Frank Campitelli and Debrae Barensfeld enter the Shark Tank on episode 312, to try to convince the Sharks that their Nitroforce exercise system is going to be the next big thing in home gym technology. The pair are both certified personal trainers, with backgrounds in nutrition, so they bring to the table not only their product, but their years of experience. The pair have created a personal training system they hope will rival the fitness giant, BowFlex, based on an ultra-light frame. Resistance is provided by nitrogen gas modules, and can be set to range from 1 lb to 1,000 lbs. Will the Sharks be interested in beefing up their wallets with this innovative fitness company?
Nitroforce Shark Tank Recap
Campitelli and Barensfeld come into the Tank seeking $250,000 in return for 10% of Nitroforce. They present the Nitroforce 1000, and demonstrate a few of the “over 100” exercises possible with the machine. With a few adjustments, Campitelli shows how the machine can be changed to offer a wide variety of physical challenges.
Barbara Corcoran wants to know if this machine is a prototype. Barensfeld explains that they have about 90 units already in stock. Manufacturing has begun. Kevin O'Leary, as usual, wants to know about sales. The pair have sold 26 machines to clients without marketing, with a hefty price tag: $1,299. Cost of building each unit was around $250.
“Where's the part where it's worth $2.5 million,” asks O'Leary. Campitelli asserts that the value is in the “intellectual property.” The pair clearly believe in their machine and its versatility, but can they convince the Sharks that their steep valuation is valid?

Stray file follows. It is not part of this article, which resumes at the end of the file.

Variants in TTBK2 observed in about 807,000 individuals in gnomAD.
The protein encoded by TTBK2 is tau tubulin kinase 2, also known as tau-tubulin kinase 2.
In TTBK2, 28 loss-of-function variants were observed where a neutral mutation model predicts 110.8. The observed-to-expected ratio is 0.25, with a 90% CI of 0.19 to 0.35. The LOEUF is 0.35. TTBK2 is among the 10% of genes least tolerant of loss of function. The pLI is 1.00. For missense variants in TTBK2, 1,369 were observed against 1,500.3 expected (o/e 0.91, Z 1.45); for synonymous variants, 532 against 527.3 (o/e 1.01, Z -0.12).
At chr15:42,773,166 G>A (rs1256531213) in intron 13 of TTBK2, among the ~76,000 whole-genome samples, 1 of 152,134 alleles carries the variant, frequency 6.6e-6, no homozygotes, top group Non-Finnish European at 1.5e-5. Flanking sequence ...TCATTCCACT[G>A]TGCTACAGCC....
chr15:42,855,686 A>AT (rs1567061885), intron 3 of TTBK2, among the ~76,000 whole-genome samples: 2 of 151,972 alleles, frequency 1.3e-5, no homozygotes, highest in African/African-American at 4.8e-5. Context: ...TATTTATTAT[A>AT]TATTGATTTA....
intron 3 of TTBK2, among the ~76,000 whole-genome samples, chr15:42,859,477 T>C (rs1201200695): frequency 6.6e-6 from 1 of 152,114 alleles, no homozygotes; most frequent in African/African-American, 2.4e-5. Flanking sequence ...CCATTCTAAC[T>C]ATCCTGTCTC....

O'Leary doesn't like their odds. “It takes an immense amount of capital to do a massive launch, and at the end of the day, you don't know until you've spent half a million bucks, if you're going to make it or not.” He's out.
Barbara Corcoran wants to know what the difference is between the Nitroforce and “every other thing out there.” Daymond John believes it will take over $2 million to “educate people” about the value of the machine. He's out.
Mark Cuban points out the error of their ways. “You can't come into the Shark Tank with a $2.5 million valuation, without having a proven sales distribution model. And, for that reason, I'm out.”
Barbara Corcoran “can't think of anyone less likely to buy into” the product than herself, so she's out.
Robert Herjavec believes the machine is too complex, too large, and too expensive for the average consumer. The final Shark goes out, and the pair leave the stage with no Shark deal.
Nitroforce Shark Tank Update
Some entrepreneurs come to the Shark Tank and it seems as if their endgame is more focused upon the goal of gaining the massive exposure the Shark Tank can provide for their product. With a valuation of $2.5 million, and a product which is best suited to home-shopping style advertising, it would seem that Nitroforce achieved the goal of exposure, even without a Shark deal. The setback hasn't deterred Campitelli and Barensfeld. The company is still running, with new models featured on the website. It seems that the personal trainers from Ohio are a force to be reckoned with in the exercise equipment market.